Photo|Frome is proud to offer a series of limited-edition monographs in conjunction with each edition of the festival. They will be available for sale at Rook Lane Chapel and the Whittox Gallery bookshop throughout the festival. Online thereafter – depending on availability.
2022 editions shared the work of Danny North, Mary Maynard, Robert Huggins and Tom Hull. 2023 editions showcase Clementine Wilson, Gobinder Jhitta and UK Black Female Photographers.
Volume 1 followed the 2022 festival theme, The Independent Eye. Four monographs start the series, by Danny North, Mary Maynard, Robert Huggins, and Tom Hull.
Each is 21 cm x 13 cm, 48 pages, soft cover, art quality paper, £10. Limited edition of 100 each. Buy all 4 for £35,
Volume 2 followed the 2023 festival theme, Decolonising Environments. Three monographs are the series, by Clementine Wilson, Gobinder Jhitta and UK Black Female Photographers (UKBFTOG).
Each is 21 cm x 13 cm, 48 pages, soft cover, art quality paper, £10. Limited edition of 100 each. Buy all 3 for £25,
COLLECT THE COMPLETE SET OF 7 MONOGRAPHS FOR £55
Tom Hull is a Frome-based photographer, and his work was shown in the 2022 group show at the Gallery at The Station.
08.20 (Eight Twenty) is a short personal project created every day throughout August 2020, during the Covid pandemic. Beginning locally in Frome, he shot at least 1 image every day, no matter where he was or what he was doing that day. With a bit of travel around the Southwest, the south coast, London, and the Midlands, he hoped the project would become a memory of a highly obscure moment in time, with a look at what it is to be British, or living in Britain.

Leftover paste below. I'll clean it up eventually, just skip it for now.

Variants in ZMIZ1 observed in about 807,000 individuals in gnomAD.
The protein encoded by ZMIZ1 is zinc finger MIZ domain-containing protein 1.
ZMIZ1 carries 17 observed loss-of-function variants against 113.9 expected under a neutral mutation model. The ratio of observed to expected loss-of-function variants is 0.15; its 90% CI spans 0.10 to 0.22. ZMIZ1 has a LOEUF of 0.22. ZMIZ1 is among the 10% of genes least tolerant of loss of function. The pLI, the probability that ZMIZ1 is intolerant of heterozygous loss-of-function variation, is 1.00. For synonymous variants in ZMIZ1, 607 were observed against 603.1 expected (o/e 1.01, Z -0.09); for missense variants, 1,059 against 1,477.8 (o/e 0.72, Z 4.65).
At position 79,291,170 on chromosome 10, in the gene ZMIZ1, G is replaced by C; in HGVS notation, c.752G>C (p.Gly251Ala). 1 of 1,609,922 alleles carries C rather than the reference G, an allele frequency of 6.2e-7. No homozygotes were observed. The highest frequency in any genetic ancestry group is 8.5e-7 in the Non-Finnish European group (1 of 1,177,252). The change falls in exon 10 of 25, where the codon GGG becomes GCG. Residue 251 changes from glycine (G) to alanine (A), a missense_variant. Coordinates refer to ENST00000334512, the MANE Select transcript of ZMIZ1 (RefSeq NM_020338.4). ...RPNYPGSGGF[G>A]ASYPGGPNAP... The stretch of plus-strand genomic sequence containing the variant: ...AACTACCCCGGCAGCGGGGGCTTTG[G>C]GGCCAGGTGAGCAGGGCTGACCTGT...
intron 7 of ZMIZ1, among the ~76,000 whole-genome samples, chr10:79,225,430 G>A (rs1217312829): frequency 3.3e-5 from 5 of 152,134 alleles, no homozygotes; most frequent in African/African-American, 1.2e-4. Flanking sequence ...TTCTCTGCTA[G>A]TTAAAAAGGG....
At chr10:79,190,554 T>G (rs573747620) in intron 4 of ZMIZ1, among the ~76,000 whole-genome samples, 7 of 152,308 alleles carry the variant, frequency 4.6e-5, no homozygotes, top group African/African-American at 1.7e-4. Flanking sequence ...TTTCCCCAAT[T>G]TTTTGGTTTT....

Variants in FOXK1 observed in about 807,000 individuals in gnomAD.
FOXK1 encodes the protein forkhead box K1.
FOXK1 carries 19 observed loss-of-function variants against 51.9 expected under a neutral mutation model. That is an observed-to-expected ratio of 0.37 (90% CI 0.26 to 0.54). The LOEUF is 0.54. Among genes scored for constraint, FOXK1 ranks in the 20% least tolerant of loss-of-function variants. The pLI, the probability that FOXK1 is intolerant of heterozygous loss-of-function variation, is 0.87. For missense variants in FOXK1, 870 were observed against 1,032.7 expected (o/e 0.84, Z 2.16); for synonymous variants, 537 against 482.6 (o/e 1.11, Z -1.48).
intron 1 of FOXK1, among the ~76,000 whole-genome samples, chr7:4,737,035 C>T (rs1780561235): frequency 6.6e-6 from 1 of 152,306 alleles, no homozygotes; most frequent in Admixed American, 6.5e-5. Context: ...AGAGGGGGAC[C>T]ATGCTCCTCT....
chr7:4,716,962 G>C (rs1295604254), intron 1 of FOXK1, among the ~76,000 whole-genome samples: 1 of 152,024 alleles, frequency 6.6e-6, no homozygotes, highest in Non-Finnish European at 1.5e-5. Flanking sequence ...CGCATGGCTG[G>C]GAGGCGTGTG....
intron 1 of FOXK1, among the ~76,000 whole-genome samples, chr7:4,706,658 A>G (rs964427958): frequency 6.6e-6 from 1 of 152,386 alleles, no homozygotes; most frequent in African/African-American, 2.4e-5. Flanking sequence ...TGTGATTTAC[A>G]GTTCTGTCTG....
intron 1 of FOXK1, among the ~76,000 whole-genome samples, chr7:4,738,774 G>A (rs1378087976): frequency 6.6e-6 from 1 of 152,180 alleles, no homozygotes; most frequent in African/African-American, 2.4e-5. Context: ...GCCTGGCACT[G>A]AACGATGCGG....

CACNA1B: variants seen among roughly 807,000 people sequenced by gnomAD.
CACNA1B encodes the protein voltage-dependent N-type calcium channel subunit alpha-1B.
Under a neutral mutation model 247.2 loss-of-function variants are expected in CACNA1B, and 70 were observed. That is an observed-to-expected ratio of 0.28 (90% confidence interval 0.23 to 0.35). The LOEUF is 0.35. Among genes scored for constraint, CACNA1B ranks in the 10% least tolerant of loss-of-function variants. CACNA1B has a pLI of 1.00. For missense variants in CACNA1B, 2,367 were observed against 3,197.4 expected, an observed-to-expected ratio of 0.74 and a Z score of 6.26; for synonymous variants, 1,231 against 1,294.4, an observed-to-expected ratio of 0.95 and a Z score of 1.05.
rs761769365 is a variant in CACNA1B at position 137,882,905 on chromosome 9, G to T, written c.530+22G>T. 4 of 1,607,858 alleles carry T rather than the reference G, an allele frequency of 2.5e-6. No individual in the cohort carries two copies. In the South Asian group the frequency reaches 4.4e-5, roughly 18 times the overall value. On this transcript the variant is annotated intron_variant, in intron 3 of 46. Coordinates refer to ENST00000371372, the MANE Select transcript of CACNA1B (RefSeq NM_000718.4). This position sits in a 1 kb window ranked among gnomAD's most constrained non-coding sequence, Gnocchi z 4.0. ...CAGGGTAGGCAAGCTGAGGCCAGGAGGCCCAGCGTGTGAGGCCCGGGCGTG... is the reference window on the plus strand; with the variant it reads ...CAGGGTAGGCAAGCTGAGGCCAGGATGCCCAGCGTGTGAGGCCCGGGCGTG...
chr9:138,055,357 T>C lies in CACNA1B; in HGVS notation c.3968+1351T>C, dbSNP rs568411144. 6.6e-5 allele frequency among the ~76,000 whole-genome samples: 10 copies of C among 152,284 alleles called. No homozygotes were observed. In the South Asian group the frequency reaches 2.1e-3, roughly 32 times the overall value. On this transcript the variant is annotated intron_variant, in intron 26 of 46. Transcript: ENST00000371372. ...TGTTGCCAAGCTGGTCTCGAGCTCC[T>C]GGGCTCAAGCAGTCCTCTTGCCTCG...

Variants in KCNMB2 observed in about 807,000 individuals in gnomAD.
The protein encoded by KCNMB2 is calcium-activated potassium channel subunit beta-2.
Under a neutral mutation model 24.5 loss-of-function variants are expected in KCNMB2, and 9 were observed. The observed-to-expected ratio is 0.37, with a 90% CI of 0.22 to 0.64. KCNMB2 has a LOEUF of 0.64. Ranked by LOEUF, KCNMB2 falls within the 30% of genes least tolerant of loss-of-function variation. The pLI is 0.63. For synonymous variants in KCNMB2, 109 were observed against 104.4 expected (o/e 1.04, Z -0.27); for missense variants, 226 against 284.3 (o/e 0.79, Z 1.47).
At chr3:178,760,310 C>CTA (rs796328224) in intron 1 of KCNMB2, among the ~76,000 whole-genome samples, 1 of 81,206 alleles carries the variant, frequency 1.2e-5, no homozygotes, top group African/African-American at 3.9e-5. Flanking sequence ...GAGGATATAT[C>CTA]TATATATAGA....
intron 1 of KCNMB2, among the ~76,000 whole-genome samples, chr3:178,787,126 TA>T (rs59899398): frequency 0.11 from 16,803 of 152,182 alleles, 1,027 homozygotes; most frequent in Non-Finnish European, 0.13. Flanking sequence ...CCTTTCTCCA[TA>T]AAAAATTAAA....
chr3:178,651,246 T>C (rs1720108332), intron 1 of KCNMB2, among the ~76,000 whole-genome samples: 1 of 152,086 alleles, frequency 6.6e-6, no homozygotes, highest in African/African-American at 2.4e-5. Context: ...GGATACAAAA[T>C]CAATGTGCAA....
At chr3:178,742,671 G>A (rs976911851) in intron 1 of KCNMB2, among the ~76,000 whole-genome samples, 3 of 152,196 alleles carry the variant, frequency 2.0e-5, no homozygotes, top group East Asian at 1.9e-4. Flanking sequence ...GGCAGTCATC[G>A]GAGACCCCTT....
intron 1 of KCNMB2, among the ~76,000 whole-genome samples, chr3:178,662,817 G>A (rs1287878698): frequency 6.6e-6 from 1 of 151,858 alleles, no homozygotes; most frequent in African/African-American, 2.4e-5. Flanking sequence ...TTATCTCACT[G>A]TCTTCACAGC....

He reflected on various types of British locations and landscapes, talking to a diverse mix of people living and working in Britain, as well as reference a few of the activities that he got up to with his family.
Mary Maynard Having lived and worked in some of the most photogenic places in the world where she hardly ever picked up a camera, Mary settled in Wiltshire and found herself increasingly immersed in the art of photography. She is Frome-based, and her work featured in the 2022 group show at the Town Hall, staged by Frome Wessex Photographic, of which she is Chair.
Mary is particularly drawn to the sea; favouring sunrise on the west coast where she can catch the softer light of morning breaking on the water. We all know the peculiar pull that a wide expanse of ocean can have, and these images allow us to immerse ourselves in that impulse to be in the presence of an agitated, changing shore. Mary works in all weathers, and this series is a stunning reflection of a fast changing horizon that is, at times, a source of deep peace and at others an unpredictable picture of magnificent rage. In either state, it feels impossible to look away.
Robert Huggins was born in Trinidad and is a roving street portrait photographer living in north-east London. Robert focuses on impromptu street portraits, one of his favourite haunts being the streets of East London.
His subjects are strangers and the process of engaging with them to create the portraits has been its own reward. The exhibition at Photo|Frome 2022 was the first time Robert has shown his work in this way.
Robert’s work has been published in the national press, including several editions of both the renowned Portrait of Britain and Portrait of Humanity.